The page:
TATC File No. O-3194-02
MoT File No. PAP5504-55654
TRANSPORTATION APPEAL TRIBUNAL OF CANADA
Ravinder Virdi, Applicant
- and -
Minister of Transport, Respondent
Aeronautics Act, R.S.C. 1985, c. A-2, s. 4(2), 6.9
Hilery T. Hargrove
Decision: December 18, 2006
The Minister's decision to suspend the applicant's private pilot licence for a period of 30 days for a contravention of subsection 4(2) of the Aeronautics Act is hereby upheld. Said suspension shall begin on the 35th day after service of this determination.
 A review hearing on this matter was held Wednesday, November 1, 2006 at 10:00 a.m. at the Federal Court of Canada at Toronto, Ontario.
 This matter arises out of a notice of suspension issued by the Minister of Transport pursuant to section 6.9 of the Aeronautics Act.
A. Preliminary Matters
(1) Issuance and Service of Revised Notice of Suspension
 The notice of suspension lists two counts:
1. On or about April 29, 2004, approximately 25 miles east of Washington, DC, USA, while exercising the privileges of a Canadian Aviation Document, namely your Private Pilot Licence #PA749200, in Cessna 172 aircraft registered C-GUMV, you failed to comply with the applicable aeronautical laws of a foreign state, namely the United States of America. Specifically, you failed to comply with FAR s.91.139 when you entered the Washington ADIZ airspace without complying with the NOTAM applicable to the airspace, thereby contravening paragraph 4(2) of the Aeronautics Act (Application of Foreign Law). Suspension Assessed: Private Pilot Licence - 30 days.
2. On or about April 29, 2004, approximately 25 miles east of Washington, DC, USA, while exercising the privileges of a Canadian Aviation Document, namely your Private Pilot Licence #PA749200, in Cessna 172 aircraft registered C-GUMV, you failed to comply with the applicable aeronautical laws of a foreign state, namely the United States of America. Specifically, you failed to comply with FAR 99.7 when you entered the Washington ADIZ airspace without complying with the special security instruction which required that you obtain a discrete transponder code prior to entering the airspace, thereby contravening paragraph 4(2) of the Aeronautics Act (Application of Foreign Law). Suspension Assessed: Private Pilot Licence – 30 days.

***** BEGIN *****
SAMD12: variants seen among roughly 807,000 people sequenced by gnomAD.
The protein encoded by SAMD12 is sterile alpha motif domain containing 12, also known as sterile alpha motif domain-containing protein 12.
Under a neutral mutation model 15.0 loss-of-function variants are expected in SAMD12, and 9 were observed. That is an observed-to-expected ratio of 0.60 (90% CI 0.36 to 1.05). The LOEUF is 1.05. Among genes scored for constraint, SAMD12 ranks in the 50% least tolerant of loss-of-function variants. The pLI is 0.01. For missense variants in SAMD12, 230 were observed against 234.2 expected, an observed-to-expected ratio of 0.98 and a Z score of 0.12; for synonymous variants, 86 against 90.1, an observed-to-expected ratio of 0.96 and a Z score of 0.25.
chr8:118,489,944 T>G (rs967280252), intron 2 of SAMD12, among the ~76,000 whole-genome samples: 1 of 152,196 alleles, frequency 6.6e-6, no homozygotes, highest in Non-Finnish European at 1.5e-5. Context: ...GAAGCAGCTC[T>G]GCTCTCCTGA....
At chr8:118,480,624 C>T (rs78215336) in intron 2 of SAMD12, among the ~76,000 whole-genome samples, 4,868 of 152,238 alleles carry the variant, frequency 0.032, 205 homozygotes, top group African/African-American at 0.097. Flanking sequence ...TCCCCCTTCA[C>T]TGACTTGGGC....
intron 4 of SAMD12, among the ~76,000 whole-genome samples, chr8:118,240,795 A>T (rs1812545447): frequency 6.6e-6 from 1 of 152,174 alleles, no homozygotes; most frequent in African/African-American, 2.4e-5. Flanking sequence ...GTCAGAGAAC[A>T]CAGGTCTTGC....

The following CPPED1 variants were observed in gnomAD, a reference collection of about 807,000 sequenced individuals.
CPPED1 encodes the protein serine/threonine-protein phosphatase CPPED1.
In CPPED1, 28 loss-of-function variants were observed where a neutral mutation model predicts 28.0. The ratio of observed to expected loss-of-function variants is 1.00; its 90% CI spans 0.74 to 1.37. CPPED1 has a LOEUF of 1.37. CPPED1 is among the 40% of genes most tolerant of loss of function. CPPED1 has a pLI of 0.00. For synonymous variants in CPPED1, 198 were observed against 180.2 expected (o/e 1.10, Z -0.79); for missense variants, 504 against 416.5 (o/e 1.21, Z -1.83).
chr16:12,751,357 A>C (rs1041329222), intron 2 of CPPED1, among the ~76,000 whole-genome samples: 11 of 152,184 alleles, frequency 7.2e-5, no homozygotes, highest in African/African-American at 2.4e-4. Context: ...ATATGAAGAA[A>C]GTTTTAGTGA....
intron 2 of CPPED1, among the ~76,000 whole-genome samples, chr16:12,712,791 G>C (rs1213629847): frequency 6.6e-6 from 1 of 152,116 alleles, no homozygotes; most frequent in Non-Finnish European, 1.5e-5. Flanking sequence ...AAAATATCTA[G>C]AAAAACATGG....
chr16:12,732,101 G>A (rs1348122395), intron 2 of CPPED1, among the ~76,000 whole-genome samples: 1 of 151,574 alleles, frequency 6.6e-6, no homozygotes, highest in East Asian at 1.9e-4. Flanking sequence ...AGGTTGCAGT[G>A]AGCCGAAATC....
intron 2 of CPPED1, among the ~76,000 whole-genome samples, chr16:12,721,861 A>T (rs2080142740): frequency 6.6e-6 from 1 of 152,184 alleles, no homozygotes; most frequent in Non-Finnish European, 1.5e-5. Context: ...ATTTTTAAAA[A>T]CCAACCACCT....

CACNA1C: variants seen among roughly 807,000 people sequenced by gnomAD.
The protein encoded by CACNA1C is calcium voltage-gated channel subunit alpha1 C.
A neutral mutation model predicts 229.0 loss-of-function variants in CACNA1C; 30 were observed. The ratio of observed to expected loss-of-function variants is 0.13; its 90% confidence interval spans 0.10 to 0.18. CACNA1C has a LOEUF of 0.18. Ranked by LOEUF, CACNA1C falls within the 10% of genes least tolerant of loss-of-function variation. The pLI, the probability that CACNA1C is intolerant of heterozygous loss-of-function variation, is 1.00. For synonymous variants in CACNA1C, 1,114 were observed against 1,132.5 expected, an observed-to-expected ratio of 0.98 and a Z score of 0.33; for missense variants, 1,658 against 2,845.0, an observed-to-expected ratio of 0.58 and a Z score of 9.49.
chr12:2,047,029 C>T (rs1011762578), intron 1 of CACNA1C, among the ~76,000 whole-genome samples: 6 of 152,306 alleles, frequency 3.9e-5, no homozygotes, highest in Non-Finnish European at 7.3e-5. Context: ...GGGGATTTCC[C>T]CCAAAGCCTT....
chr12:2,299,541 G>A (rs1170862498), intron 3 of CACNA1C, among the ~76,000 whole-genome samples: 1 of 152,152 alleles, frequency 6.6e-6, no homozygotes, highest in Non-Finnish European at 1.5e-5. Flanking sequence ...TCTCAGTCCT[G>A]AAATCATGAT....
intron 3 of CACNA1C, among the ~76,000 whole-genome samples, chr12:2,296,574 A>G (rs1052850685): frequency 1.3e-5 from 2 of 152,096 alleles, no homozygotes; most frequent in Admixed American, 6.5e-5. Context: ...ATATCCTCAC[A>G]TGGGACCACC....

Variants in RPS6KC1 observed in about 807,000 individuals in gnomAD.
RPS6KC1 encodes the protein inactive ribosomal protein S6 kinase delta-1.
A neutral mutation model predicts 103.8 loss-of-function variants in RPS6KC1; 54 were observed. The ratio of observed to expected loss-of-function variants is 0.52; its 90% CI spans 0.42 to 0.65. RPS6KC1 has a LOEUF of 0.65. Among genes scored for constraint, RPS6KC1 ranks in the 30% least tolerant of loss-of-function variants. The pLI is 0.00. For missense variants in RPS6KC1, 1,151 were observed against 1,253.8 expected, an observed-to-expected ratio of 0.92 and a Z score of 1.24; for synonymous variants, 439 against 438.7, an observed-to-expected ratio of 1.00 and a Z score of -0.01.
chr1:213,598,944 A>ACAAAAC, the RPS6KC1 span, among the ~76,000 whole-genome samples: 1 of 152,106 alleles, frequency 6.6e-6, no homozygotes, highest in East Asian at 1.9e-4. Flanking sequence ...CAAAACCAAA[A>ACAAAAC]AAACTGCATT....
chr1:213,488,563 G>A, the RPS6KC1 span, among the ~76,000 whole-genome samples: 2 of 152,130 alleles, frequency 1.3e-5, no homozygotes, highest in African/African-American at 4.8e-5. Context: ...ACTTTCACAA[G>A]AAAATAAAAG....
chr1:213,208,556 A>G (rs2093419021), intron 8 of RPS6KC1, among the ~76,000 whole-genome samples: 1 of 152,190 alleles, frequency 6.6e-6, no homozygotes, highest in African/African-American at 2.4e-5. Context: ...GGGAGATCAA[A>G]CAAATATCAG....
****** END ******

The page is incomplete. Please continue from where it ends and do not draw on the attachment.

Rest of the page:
The notice of suspension to the applicant on the above counts was originally dated April 6, 2005. A new notice of suspension on the above counts dated August 26, 2005 was served by registered mail on the applicant with a letter dated August 26, 2005 from David A. Bland, Acting Regional Manager, Aviation Enforcement, Civil Aviation, Ontario Region, Transport Canada. This new notice of suspension in effect was issued to replace the original notice of suspension of April 6, 2005 to correct an error. Specifically, the notice of April 6, 2005 referenced the incorrect date on which the alleged offence took place. Thus, the notice of April 6, 2005 was withdrawn and the notice of August 26, 2005 was issued to replace and supersede the original one.
(2) Withdrawal of Count no. 2 by the Minister
 The Minister indicated to the Tribunal that they will not be proceeding on count no. 2 contained in the notice of suspension but would only be proceeding on count no. 1. Count no. 2 was therefore withdrawn and will not be considered in this review determination.
(3) Stay of Suspension of Pilot Licence
 In a letter dated September 26, 2005, the applicant requested a review hearing before the Tribunal as well as a stay of suspension of his private pilot licence pending a review determination on the matter.
(4) Applicant's Request for an Adjournment